Newspapers watch Times' pay model
A man is seen looking at The Times newspaper's new website on a computer in central London.
Rupert Murdoch already charges for an online subscription to his most prestigious American newspaper, the Wall Street Journal. A lot of those subscribers, though, use the information in the Journal professionally to do their jobs in business or finance. Murdoch's about to launch an online pay wall for one of his general interest newspapers, the Times of London. Starting sometime in the next couple of days, readers are going to have to pay $1.50 or three bucks a week to read the Times online -- an experiment American papers will be watching oh, so very closely.
By Jeremy Hobson
From his perch in the Times' busy London newsroom, Assistant Editor Tom Whitwell says the new pay model will be simple -- and there will be no way around it.
"If you want to read Times journalism, you pay. If you don't, you don't," said Whitwell.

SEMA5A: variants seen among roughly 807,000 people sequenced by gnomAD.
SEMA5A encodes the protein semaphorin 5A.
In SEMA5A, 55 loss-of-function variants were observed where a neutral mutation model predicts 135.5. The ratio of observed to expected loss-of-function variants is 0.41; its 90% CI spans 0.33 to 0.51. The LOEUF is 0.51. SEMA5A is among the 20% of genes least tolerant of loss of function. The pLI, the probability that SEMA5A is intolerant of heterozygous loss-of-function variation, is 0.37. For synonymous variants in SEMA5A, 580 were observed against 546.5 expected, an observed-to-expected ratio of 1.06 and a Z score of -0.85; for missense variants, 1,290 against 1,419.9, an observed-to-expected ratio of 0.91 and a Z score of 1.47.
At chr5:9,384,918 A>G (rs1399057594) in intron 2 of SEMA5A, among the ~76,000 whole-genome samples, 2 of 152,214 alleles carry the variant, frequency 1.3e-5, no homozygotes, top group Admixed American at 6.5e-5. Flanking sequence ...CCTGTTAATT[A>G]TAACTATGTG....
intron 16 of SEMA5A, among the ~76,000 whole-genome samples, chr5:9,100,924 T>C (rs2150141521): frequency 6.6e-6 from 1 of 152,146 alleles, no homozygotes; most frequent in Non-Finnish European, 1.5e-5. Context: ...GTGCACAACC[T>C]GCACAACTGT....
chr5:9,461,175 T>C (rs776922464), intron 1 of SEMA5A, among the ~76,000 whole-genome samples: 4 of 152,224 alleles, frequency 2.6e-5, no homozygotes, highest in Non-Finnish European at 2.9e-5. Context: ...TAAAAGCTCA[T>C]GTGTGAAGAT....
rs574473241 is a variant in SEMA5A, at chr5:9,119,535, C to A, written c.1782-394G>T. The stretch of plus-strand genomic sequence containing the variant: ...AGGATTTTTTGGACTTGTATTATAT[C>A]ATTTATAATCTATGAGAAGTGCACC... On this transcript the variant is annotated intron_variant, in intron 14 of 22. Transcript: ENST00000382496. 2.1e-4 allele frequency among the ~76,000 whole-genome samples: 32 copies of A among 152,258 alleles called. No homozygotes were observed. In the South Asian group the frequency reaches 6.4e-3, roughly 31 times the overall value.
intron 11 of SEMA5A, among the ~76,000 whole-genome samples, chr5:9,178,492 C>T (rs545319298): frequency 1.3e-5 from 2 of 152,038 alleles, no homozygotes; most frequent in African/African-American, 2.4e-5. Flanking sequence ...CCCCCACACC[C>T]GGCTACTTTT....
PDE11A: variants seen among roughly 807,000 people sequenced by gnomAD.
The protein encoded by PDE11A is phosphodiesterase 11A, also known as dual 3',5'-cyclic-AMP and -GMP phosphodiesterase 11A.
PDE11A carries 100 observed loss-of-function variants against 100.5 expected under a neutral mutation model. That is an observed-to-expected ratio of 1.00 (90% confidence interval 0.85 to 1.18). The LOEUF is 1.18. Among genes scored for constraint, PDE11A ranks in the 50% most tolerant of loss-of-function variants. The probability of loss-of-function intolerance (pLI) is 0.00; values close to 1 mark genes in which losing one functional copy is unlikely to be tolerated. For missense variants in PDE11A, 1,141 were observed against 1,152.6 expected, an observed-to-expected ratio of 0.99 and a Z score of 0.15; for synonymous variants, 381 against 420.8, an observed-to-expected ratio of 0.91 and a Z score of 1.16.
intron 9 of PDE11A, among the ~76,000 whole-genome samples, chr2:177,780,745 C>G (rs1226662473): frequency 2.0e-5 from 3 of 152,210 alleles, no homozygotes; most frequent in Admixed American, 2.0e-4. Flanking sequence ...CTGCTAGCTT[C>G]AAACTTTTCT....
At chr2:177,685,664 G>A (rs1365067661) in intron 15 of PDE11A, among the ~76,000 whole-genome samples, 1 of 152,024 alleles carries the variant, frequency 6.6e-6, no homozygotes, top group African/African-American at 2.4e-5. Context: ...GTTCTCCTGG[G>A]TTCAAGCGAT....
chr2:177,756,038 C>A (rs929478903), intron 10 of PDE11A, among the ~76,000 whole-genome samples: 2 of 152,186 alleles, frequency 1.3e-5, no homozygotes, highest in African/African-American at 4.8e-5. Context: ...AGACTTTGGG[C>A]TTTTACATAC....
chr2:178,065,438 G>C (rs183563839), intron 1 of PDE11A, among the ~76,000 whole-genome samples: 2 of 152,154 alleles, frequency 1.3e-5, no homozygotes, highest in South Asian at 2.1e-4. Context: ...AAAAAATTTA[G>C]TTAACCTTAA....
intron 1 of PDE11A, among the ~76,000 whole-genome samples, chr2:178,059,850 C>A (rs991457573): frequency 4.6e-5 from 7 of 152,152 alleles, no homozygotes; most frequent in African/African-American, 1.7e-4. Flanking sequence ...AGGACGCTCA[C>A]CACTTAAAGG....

And he says the paper is prepared to lose readers who don't want to pay.
"We are assuming there's going to be an enormous drop-off in raw traffic to the site, because at the moment, we get 20 million-odd unique visitors," said Whitwell. "We are hoping to develop a much more dedicated readership that's clearly going to be much, much smaller than that."
The Times has tried pay walls before, but the company's new calculation is that a small base of loyal subscribers is more valuable to advertisers than a broader group of readers who only pop in for a moment.
Porter Bibb heads up MediaTech Capital Partners. He says if the price is right and the content is good, people will pay for news -- just like they pay for songs on iTunes or books on Amazon.
"If you're a regional newspaper, if you're the Minneapolis Star or the Chicago Sun-Times, and you give more information than you can get anywhere else about local news, or local sports or local politics, people will have to pay for it, because where else are you going to get that information?" said Bibb.
The pay wall model will get another test come January, when the New York Times starts charging frequent users for access. But lest you think Rupert Murdoch is betting the farm on his ironclad pay wall model, remember he's only doing it with the Times of London right now. Many of his other newspapers -- from the New York Post to the Fiji Times -- will continue to offer free content online.